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Following a related question, I'd like to ask about the new character and string literal types in C++11. It seems that we now have four sorts of characters and five sorts of string literals. The character types:

char     a =  '\x30';         // character, no semantics
wchar_t  b = L'\xFFEF';       // wide character, no semantics
char16_t c = u'\u00F6';       // 16-bit, assumed UTF16?
char32_t d = U'\U0010FFFF';   // 32-bit, assumed UCS-4

And the string literals:

char     A[] =  "Hello\x0A";         // byte string, "narrow encoding"
wchar_t  B[] = L"Hell\xF6\x0A";      // wide string, impl-def'd encoding
char16_t C[] = u"Hell\u00F6";        // (1)
char32_t D[] = U"Hell\U000000F6\U0010FFFF"; // (2)
auto     E[] = u8"\u00F6\U0010FFFF"; // (3)

The question is this: Are the \x/\u/\U character references freely combinable with all string types? Are all the string types fixed-width, i.e. the arrays contain precisely as many elements as appear in the literal, or to \x/\u/\U references get expanded into a variable number of bytes? Do u"" and u8"" strings have encoding semantics, e.g. can I say char16_t x[] = u"\U0010FFFF", and the non-BMP codepoint gets encoded into a two-unit UTF16 sequence? And similarly for u8? In (1), can I write lone surrogates with \u? Finally, are any of the string functions encoding aware (i.e. they are character-aware and can detect invalid byte sequences)?

This is a bit of an open-ended question, but I'd like to get as complete a picture as possible of the new UTF-encoding and type facilities of the new C++11.

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GCC does encode u"\U0010FFFF" into a surrogate pair. –  KennyTM Jul 22 '11 at 21:30
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1 Answer 1

up vote 27 down vote accepted

Are the \x/\u/\U character references freely combinable with all string types?

No. \x can be used in anything, but \u and \U can only be used in strings that are specifically UTF-encoded. However, for any UTF-encoded string, \u and \U can be used as you see fit.

Are all the string types fixed-width, i.e. the arrays contain precisely as many elements as appear in the literal, or to \x/\u/\U references get expanded into a variable number of bytes?

Not in the way you mean. \x, \u, and \U are converted based on the string encoding. The number of those "code units" (using Unicode terms. A char16_t is a UTF-16 code unit) values depends on the encoding of the containing string. The literal u8"\u1024" would create a string containing 2 chars plus a null terminator. The literal u"\u1024" would create a string containing 1 char16_t plus a null terminator.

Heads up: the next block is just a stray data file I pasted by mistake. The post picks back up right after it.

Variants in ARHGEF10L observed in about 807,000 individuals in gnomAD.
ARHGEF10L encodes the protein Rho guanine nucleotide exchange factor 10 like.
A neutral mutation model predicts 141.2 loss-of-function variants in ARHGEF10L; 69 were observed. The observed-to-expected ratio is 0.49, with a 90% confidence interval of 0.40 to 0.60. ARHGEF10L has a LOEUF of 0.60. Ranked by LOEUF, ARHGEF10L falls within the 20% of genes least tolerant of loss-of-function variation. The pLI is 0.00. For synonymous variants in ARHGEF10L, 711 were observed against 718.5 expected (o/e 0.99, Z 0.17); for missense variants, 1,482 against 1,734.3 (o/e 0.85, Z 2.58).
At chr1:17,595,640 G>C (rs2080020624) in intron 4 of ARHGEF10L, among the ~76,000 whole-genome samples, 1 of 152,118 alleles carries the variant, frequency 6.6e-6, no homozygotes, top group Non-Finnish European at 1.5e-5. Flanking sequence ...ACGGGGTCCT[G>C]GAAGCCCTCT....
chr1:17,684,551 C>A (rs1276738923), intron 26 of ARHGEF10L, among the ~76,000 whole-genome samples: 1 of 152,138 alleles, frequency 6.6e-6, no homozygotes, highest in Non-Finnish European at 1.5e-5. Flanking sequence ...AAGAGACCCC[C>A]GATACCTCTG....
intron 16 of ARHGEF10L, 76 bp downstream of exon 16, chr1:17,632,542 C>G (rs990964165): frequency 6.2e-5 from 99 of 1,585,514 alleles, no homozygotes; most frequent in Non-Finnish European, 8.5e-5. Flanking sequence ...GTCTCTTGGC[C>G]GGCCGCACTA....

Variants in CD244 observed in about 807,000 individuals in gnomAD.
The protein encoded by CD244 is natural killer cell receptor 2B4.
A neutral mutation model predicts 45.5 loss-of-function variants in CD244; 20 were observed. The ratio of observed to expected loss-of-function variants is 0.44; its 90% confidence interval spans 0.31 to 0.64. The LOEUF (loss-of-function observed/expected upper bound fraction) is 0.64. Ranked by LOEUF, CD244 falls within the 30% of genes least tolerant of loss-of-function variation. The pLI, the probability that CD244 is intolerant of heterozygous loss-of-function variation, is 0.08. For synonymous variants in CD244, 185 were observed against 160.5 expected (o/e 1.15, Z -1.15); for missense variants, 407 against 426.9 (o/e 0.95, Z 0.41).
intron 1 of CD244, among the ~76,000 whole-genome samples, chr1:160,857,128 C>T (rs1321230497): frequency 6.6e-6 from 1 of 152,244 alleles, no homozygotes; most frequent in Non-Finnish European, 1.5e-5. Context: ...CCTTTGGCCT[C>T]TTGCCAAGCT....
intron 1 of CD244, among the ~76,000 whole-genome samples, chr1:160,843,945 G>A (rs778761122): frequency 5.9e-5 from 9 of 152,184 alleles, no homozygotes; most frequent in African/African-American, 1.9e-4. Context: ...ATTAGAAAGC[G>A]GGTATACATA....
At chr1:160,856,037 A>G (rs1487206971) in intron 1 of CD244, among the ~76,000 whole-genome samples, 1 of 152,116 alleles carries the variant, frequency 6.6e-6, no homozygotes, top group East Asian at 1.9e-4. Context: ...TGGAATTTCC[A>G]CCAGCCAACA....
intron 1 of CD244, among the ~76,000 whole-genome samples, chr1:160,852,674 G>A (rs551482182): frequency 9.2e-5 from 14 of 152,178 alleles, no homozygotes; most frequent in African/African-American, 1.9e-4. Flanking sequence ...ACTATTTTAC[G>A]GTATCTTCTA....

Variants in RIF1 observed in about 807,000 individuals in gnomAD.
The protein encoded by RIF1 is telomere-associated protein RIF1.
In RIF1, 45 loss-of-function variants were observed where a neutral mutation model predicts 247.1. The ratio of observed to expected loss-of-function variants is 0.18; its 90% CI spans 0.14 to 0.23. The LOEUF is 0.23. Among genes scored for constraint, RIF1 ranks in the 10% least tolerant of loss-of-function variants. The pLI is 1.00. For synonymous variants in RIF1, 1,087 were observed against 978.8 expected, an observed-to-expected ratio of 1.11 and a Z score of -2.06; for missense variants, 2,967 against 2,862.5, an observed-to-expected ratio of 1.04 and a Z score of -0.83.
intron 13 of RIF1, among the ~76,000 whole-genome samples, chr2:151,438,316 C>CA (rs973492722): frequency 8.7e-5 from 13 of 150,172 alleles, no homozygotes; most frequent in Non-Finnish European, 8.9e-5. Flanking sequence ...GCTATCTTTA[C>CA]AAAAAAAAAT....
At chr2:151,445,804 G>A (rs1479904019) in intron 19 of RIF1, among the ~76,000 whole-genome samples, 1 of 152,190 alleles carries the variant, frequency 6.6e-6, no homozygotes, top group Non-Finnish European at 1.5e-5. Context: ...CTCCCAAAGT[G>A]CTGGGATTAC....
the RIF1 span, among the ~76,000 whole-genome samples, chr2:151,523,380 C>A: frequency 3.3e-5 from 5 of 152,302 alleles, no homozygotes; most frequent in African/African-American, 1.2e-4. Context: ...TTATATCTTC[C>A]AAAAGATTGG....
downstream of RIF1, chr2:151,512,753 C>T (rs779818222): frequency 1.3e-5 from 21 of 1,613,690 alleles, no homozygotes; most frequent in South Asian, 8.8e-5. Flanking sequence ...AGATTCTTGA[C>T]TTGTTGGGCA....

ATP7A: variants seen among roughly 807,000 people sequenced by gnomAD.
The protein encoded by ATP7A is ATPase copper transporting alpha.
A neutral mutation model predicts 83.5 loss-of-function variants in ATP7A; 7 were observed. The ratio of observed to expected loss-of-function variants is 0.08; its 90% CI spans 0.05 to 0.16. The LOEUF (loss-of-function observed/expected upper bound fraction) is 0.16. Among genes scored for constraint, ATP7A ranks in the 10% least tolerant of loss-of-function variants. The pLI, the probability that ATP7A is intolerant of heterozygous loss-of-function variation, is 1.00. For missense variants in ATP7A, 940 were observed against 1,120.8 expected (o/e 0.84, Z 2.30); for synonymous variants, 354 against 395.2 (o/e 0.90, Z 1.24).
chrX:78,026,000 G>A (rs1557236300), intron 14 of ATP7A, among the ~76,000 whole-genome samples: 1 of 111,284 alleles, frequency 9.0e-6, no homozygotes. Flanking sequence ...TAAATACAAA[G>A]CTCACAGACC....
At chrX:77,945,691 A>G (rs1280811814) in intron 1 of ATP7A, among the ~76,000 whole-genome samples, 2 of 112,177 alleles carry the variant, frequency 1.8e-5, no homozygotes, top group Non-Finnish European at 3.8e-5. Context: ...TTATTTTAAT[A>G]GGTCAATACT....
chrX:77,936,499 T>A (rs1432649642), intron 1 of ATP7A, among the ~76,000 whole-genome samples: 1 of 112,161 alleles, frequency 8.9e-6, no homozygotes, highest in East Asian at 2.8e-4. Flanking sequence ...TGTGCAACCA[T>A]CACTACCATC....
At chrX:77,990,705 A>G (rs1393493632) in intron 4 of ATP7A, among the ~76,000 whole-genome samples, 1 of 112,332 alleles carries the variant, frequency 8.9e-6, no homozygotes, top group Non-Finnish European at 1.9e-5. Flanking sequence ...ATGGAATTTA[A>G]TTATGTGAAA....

The number of code units used is based on the Unicode encoding.

Do u"" and u8"" strings have encoding semantics, e.g. can I say char16_t x[] = u"\U0010FFFF", and the non-BMP codepoint gets encoded into a two-unit UTF16 sequence?

u"" creates a UTF-16 encoded string. u8"" creates a UTF-8 encoded string. They will be encoded per the Unicode specification.

In (1), can I write lone surrogates with \u?

Absolutely not. The specification expressly forbids using the UTF-16 surrogate pairs (0xD800-0xDFFF) as codepoints for \u or \U.

Finally, are any of the string functions encoding aware (i.e. they are character-aware and can detect invalid byte sequences)?

Absolutely not. Well, allow me to rephrase that.

std::basic_string doesn't deal with Unicode encodings. They certainly can store UTF-encoded strings. But they can only think of them as sequences of char, char16_t, or char32_t; they can't think of them as a sequence of Unicode codepoints that are encoded with a particular mechanism. basic_string::length() will return the number of code units, not code points. And obviously, the C standard library string functions are totally useless

It should be noted however that "length" for a Unicode string does not mean the number of codepoints. Some code points are combining "characters" (an unfortunate name), which combine with the previous codepoint. So multiple codepoints can map to a single visual character.

Iostreams can in fact read/write Unicode-encoded values. To do so, you will have to use a locale to specify the encoding and properly imbue it into the various places. This is easier said than done, and I don't have any code on me to show you how.

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The surrogates U+D800–U+DFFF are valid code points. –  Philipp Jul 24 '11 at 15:04
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@Philipp: No, they are not. Unicode specifically reserves them for UTF-16 surrogates. And, as stated, C++0x's specification says that compilation will fail if you try to designate a code point in that range. –  Nicol Bolas Jul 24 '11 at 19:41
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Your link proves that they are code points. If you don't trust Wikipedia, read definitions 9 and 10 in chapter 3 of the Standard. Surrogate code points in string literals are forbidden in C++0x by rule § 2.4/2, though. –  Philipp Jul 24 '11 at 21:36
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